Urban farming, a “tool for living together”
Jacques-Olivier Bled (Paris city hall) pointed out that the purpose of urban agriculture is not limited to production. It is also a tool for living together. Paola Mugnier of Urbalia agreed. She said that shared gardens are places where people can gather, spend their leisure time, and learn. La Caverne employs people from the neighbourhood and builds a trusting relationship with its inhabitants by making the area safer.
The more community-spirited economy extends to distribution by providing alternatives – again local – to big retail chains. Agricool sells its strawberries directly from their container and Cycloponics encourages distribution to local outlets including AMAPs (associations supporting small farming), organic cooperatives and small grocery stores.
These positive impacts should not obscure the issues raised by urban agriculture, such as its inclusion in urban logistics, tensions due to the scarcity and high prices of urban land, the connection with the outskirts of cities and the actual environmental benefits of initiatives that often consume large amounts of energy – in short, the same issues faced by urban manufacturing.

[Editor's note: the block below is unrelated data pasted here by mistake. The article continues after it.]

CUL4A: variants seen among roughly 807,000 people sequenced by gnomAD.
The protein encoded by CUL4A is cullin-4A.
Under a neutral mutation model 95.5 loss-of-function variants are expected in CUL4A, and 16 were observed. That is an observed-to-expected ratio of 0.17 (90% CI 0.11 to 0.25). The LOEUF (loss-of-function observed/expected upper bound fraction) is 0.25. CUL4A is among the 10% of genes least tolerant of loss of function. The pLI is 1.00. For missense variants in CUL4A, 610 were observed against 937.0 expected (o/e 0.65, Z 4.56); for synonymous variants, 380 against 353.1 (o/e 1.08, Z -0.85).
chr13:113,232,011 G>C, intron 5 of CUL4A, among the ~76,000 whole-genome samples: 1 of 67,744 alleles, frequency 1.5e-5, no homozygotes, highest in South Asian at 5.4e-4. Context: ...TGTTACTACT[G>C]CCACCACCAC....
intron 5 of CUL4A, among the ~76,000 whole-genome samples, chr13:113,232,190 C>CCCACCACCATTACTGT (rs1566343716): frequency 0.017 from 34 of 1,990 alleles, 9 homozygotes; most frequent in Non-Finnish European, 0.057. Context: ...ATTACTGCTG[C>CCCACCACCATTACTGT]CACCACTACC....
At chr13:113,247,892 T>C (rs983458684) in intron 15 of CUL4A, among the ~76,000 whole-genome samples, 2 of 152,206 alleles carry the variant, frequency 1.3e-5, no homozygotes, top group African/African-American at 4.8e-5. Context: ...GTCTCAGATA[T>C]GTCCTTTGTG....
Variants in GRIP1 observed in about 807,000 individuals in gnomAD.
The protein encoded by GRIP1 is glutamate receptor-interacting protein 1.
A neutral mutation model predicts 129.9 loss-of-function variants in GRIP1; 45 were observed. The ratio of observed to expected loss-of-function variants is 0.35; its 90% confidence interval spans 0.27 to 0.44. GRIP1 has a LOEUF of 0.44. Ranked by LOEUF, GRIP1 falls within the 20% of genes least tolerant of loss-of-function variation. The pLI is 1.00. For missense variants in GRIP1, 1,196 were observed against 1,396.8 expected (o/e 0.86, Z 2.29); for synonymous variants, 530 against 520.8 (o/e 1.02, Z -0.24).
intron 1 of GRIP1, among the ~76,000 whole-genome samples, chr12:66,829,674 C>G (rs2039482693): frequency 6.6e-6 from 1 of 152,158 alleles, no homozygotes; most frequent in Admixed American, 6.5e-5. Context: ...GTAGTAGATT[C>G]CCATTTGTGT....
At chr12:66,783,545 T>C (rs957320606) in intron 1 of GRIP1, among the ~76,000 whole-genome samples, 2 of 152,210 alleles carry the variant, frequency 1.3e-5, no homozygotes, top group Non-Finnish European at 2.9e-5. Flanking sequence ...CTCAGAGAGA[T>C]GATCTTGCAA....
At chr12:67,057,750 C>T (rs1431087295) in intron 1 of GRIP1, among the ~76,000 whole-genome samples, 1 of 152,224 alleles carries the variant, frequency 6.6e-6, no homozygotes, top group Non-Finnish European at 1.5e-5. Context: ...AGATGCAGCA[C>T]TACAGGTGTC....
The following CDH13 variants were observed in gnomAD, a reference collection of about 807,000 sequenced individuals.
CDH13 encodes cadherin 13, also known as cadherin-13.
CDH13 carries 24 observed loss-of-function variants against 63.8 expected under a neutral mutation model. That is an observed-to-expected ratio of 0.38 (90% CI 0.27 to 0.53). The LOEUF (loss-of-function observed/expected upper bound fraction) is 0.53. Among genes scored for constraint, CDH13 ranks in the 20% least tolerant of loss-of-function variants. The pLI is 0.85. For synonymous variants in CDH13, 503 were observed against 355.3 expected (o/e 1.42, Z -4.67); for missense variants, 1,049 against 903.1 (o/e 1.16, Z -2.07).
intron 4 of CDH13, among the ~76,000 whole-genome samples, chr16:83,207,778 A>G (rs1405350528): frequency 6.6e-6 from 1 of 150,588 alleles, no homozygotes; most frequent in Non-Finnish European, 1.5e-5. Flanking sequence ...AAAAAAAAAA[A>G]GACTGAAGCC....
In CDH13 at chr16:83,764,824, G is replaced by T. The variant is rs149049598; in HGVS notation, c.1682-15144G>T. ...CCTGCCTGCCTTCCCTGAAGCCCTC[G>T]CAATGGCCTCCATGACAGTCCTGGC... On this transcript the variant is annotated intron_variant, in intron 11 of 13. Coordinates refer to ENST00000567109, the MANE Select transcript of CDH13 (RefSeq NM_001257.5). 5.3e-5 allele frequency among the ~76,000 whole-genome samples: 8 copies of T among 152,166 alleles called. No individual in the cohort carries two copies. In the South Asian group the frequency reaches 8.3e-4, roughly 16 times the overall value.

Urban manufacturing, a sustainable city project
These combined activities promise to revitalise city centres suffering economic decline, especially in small and medium sized cities. Urban manufacturing can potentially make the city more autonomous, refocus activity on the local area and foster local community ties. Its goal is to provide a multi-faceted solution to the problems of our time by promoting economic resilience and fostering progress on environmental and social goals. To engage in urban manufacturing and agriculture and take their ambitions beyond the experimental stage, cities must substantially invest in these fields and offer new artisans and farmers access to land and to practical logistical solutions.